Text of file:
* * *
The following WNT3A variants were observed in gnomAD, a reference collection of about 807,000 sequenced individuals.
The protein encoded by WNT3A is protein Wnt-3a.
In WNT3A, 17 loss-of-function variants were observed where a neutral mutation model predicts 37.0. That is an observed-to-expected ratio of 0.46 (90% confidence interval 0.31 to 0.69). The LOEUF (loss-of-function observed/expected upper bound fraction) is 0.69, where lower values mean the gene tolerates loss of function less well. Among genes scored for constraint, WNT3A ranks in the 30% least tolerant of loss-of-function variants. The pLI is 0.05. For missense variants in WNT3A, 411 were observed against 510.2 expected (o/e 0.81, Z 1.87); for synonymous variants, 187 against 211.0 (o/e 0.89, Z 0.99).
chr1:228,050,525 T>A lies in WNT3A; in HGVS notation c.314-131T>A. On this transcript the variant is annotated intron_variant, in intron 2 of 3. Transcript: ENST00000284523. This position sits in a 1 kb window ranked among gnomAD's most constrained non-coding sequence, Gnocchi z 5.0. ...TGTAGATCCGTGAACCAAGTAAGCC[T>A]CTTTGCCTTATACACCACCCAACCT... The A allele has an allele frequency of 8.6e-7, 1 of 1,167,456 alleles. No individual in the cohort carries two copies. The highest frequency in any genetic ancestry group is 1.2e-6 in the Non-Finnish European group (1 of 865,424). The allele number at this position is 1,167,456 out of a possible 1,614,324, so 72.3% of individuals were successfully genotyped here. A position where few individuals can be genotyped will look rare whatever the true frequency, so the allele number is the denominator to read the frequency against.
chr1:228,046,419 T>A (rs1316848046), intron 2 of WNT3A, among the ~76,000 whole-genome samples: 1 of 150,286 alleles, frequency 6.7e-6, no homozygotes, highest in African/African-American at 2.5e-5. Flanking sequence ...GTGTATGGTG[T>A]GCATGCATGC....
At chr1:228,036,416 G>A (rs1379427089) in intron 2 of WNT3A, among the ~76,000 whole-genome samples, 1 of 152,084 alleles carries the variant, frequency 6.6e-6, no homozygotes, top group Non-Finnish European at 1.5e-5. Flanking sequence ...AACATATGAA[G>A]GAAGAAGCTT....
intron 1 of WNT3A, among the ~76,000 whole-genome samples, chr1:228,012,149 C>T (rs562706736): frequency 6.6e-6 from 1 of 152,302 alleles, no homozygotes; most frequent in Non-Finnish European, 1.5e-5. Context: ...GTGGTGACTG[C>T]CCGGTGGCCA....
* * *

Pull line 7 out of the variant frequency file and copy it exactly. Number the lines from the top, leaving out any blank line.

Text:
intron 1 of WNT3A, among the ~76,000 whole-genome samples, chr1:228,012,149 C>T (rs562706736): frequency 6.6e-6 from 1 of 152,302 alleles, no homozygotes; most frequent in Non-Finnish European, 1.5e-5. Context: ...GTGGTGACTG[C>T]CCGGTGGCCA....